Framingham Airs Marijuana Restrictions

Framingham Airs Marijuana Restrictions
Posted by CN Staff on January 07, 2009 at 06:57:02 PT
By Matt Byrne, Globe Correspondent
Source: Boston Globe
Framington, MA -- Officials last night took an initial step toward making Framingham the first town in the state to ban smoking marijuana in public.The Board of Health detailed at its hearing last night how it wants to add smoking marijuana in restaurants, offices, or other public places to the town's antismoking ordinance, which imposes a fine of $50 for smoking a cigarette or cigar in public.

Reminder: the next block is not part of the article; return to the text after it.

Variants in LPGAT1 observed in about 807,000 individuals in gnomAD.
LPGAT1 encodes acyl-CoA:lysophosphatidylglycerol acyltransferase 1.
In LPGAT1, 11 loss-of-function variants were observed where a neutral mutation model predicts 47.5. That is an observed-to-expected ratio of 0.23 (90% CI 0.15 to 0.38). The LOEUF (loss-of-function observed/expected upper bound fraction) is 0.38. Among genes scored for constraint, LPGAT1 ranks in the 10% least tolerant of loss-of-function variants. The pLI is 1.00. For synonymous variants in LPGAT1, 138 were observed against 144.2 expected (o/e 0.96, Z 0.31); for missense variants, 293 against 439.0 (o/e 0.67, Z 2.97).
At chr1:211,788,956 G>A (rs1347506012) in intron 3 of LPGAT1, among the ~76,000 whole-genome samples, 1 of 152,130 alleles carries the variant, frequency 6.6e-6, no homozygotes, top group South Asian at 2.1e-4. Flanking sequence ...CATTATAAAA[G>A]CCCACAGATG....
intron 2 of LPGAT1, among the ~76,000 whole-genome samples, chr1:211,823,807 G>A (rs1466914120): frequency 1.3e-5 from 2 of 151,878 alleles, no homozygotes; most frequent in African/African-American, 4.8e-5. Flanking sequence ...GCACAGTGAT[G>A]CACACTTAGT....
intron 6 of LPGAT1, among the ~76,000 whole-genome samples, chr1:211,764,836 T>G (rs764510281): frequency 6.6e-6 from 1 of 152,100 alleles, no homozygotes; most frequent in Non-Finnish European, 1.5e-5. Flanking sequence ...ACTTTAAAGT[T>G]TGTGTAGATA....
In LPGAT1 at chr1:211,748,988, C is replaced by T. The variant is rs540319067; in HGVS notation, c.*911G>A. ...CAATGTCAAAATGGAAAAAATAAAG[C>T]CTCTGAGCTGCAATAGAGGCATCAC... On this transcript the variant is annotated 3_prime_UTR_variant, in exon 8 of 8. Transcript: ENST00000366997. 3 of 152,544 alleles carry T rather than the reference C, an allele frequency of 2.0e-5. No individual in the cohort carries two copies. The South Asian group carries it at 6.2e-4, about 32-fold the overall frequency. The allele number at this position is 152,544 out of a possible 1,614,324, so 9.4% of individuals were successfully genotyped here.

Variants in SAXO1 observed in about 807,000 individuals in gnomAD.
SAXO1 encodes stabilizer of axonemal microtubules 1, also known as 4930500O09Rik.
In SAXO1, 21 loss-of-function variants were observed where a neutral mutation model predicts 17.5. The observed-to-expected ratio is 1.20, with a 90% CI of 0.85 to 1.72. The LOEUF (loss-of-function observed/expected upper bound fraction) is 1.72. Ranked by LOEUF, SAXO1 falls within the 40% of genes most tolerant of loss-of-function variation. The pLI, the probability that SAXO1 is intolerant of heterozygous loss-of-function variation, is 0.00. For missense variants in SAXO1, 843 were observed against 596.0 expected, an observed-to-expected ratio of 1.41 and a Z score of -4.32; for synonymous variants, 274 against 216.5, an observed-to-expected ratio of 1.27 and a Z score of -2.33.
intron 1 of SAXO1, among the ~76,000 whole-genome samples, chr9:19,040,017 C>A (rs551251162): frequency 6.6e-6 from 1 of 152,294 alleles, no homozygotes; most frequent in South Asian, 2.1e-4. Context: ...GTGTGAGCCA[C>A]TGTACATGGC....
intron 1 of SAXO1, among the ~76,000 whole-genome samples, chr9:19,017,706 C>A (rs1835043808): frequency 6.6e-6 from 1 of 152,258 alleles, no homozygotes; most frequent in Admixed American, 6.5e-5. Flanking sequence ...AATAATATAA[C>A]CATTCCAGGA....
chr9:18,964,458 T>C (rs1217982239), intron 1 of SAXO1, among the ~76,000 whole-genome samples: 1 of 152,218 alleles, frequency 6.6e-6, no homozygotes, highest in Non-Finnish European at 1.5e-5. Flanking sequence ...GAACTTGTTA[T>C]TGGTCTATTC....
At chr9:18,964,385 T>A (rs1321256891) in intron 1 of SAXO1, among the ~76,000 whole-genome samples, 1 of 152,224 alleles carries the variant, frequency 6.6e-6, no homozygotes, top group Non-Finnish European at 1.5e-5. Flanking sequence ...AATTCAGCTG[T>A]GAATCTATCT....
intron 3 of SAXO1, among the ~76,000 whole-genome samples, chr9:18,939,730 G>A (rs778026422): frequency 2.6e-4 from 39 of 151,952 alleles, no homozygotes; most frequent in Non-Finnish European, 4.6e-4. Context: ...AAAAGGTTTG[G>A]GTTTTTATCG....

Backers say the ban would protect people from the harmful effects of THC-laced secondhand smoke, which, according to the measure, could cause severe discomfort and illness to nonsmokers, or aggravate allergies of those exposed to the smoke.The ban being considered would also fine the owner of the establishment $100 for a first offense and $200 for a second. A third offense would cost $300 and the possible loss of any town-issued permits.Speaking in opposition was James Pillsbury, who said he was a 39-year marijuana smoker."Cannabis smoke is not nearly as lethal as tobacco," Pillsbury said, asserting that carcinogenic additives in cigarettes are the source of the harm of second-hand smoke.But Nelson Goldin, a board member, responded, "There is no reason to allow marijuana smoke in a restaurant or a place of public meeting."The health board will hear more from the public during its Jan. 20 meeting, when it is expected to vote on the measure.The passage of Question 2 in November, which made possession of less than an ounce of marijuana a civil offense punishable by a $100 fine, left open the question of public use of the drug. In response, the state released guidelines suggesting that individual communities deal with the issue."We will err on the side of caution, and that's our job," said Goldin, adding that enforcement of the provision is a police issue.The town's Police Department could not be reached for comment.Donald J. Wilson, director of the state municipal tobacco control technical assistance program, also attended the meeting and suggested the town add provisions to makes its antismoking ordinance in line with the statewide antismoking law, which has higher penalties.Source: Boston Globe (MA)Author: Matt Byrne, Globe CorrespondentPublished: January 7, 2009 Copyright: 2009 Globe Newspaper CompanyContact: letter globe.comWebsite: Articles:Massachusetts Police Chiefs Legalize Marijuana Boston Goes To Pot
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